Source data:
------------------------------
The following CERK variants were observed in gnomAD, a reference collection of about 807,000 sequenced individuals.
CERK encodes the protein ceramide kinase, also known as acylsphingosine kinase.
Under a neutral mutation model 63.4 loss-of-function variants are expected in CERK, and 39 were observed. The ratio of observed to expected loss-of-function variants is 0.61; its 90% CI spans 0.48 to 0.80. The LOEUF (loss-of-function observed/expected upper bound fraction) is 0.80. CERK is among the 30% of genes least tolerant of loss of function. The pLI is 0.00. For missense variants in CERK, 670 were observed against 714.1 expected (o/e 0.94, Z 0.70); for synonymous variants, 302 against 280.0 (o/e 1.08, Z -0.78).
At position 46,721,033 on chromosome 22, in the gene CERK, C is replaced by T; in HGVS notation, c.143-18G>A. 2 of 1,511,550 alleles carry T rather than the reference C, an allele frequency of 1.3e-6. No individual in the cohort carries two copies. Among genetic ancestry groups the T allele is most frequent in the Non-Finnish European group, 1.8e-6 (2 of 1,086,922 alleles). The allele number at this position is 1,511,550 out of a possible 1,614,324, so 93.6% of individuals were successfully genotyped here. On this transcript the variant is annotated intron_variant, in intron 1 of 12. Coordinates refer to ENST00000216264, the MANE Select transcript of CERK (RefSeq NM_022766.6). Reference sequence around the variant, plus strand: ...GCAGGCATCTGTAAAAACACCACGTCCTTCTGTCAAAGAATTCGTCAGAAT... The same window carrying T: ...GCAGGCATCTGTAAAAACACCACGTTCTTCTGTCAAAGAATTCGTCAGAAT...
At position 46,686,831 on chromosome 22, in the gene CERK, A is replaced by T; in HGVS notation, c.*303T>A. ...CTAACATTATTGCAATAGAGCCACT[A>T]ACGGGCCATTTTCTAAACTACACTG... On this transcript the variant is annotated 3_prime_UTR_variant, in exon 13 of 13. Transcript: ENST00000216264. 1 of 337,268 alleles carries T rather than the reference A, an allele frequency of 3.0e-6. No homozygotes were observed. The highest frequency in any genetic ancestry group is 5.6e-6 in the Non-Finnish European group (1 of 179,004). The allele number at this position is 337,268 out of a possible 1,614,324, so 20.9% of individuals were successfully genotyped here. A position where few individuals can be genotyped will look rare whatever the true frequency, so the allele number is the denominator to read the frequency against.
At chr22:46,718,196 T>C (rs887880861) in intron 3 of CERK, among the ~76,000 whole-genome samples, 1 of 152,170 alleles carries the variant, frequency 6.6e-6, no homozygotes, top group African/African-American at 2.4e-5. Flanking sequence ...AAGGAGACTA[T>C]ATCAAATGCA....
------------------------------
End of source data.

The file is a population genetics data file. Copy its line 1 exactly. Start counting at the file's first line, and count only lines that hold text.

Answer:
The following CERK variants were observed in gnomAD, a reference collection of about 807,000 sequenced individuals.